The EU is facing increasing pressure for tighter regulation on ivory trade within its borders.
Despite calls for a shutdown, a panel from the Convention on International Trade in Endangered Species (CITES) decided to push back the decision to next year.
Europe already has strict trading rules in place, but for NGOs, the rules are not working. That's the claim of the director of international policy at the International Fund for Animal Welfare.
"The EU measures, at the moment, are not entirely effective in our view and there are some loopholes within them, particularly with regards to what is known as ‘worked’ ivory, so ivory has already been carved into items.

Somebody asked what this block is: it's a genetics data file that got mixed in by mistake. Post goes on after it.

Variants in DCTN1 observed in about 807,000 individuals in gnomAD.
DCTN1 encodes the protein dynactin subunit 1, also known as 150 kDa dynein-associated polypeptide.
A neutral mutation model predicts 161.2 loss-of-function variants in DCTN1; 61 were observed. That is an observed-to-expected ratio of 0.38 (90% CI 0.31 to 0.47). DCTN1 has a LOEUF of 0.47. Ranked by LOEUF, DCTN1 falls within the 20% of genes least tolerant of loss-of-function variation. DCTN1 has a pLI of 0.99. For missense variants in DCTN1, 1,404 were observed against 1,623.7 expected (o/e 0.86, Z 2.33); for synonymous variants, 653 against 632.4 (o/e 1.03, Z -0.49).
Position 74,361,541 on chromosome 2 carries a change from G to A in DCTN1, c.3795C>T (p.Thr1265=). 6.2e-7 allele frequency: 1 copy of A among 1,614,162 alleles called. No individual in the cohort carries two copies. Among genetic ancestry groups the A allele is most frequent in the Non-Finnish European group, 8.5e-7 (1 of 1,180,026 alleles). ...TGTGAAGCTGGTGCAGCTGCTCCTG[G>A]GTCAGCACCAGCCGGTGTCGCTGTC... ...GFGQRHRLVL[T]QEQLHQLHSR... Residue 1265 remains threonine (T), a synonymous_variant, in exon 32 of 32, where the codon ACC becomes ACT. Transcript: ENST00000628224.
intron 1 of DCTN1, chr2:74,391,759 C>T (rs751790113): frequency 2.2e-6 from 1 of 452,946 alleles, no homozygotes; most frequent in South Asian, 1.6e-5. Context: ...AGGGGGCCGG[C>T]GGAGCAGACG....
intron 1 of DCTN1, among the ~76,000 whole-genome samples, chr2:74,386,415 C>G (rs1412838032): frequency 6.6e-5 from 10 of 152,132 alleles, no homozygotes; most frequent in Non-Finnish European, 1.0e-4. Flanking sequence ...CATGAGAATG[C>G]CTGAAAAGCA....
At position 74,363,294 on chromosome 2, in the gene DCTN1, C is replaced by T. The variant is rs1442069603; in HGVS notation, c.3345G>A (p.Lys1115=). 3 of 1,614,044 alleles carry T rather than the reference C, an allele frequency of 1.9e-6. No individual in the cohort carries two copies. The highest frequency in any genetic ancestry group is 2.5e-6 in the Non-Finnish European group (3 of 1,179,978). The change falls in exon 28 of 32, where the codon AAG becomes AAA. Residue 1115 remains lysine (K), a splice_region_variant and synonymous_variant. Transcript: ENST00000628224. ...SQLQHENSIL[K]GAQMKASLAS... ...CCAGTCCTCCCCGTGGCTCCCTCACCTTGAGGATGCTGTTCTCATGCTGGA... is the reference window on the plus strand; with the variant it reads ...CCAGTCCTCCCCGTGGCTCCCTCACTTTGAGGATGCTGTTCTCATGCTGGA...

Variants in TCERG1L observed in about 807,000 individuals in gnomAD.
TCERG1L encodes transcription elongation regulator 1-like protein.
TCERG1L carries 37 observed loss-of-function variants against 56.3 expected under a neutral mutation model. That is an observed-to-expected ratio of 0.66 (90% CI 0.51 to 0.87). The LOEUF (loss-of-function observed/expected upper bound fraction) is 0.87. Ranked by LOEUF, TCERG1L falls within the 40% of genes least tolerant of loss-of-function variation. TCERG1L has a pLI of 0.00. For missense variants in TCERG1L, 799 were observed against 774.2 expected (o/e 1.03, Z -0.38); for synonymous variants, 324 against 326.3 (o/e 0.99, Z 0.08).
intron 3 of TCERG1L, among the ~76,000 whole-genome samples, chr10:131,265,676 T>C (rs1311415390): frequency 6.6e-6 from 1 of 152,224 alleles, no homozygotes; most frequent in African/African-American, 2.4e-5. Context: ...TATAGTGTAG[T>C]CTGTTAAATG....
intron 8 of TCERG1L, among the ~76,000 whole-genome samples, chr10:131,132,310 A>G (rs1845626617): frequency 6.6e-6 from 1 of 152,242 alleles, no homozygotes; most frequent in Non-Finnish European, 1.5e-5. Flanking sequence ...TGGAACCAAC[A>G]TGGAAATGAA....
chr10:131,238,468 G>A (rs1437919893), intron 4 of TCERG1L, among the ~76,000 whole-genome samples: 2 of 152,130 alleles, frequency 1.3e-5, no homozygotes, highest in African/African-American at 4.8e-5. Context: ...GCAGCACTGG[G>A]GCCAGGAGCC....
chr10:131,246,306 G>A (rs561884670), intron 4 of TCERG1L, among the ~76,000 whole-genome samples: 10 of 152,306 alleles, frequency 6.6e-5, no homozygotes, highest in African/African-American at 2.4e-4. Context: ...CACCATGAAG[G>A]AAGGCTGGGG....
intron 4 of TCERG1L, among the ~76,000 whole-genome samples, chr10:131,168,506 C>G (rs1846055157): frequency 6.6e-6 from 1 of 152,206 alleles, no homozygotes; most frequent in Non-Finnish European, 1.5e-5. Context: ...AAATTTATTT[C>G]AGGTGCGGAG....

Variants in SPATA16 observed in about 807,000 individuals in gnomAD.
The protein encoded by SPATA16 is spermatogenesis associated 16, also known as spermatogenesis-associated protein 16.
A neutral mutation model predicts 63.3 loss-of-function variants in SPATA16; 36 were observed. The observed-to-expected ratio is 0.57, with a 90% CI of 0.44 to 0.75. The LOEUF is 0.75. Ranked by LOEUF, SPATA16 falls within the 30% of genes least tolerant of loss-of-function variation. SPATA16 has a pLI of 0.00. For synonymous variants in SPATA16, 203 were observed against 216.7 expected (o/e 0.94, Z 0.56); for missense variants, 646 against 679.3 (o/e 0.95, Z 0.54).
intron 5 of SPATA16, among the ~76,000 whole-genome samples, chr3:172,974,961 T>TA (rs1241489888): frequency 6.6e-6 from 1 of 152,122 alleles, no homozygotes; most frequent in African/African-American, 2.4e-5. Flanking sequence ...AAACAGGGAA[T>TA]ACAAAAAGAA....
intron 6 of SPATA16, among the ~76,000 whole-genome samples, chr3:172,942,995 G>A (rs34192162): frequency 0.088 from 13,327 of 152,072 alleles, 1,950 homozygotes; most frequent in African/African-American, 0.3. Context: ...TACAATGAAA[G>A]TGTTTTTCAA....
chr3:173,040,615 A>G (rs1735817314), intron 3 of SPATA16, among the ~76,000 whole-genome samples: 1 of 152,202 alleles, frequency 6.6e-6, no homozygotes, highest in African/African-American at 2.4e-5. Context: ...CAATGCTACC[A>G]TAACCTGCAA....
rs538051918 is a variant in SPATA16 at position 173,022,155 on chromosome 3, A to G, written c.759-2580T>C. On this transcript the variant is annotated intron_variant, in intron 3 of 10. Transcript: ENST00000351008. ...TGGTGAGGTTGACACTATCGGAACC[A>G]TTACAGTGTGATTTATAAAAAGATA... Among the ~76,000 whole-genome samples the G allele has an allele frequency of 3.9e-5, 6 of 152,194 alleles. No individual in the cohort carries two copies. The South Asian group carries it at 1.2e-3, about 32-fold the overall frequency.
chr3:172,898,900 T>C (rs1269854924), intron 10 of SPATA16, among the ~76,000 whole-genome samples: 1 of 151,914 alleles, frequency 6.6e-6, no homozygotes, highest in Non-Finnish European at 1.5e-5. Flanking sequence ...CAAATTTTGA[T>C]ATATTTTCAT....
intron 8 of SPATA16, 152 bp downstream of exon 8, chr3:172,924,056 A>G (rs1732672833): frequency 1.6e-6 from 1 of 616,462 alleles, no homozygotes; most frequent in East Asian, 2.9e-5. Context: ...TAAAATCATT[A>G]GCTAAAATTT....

“In theory, if it is an antique, it is still allowed to be sold in the EU, but there is no burden of proof on making sure that these items are antiques.
“And it's those opportunities that criminals are taking advantage of to traffic illegal ivory around. So that is why it is so critical that everyone closes down, both legal markets and those illegal markets that currently exist, but need better enforcement."
A recent study showed that up to a fifth of ivory objects came from elephants killed after the global trade ban in 1990.
According to the conservation group WWF, as many as 60% of elephant deaths are down to poaching.
NGOs want a total ban on ivory trade within EU member states, giving a chance for the elephant population to thrive.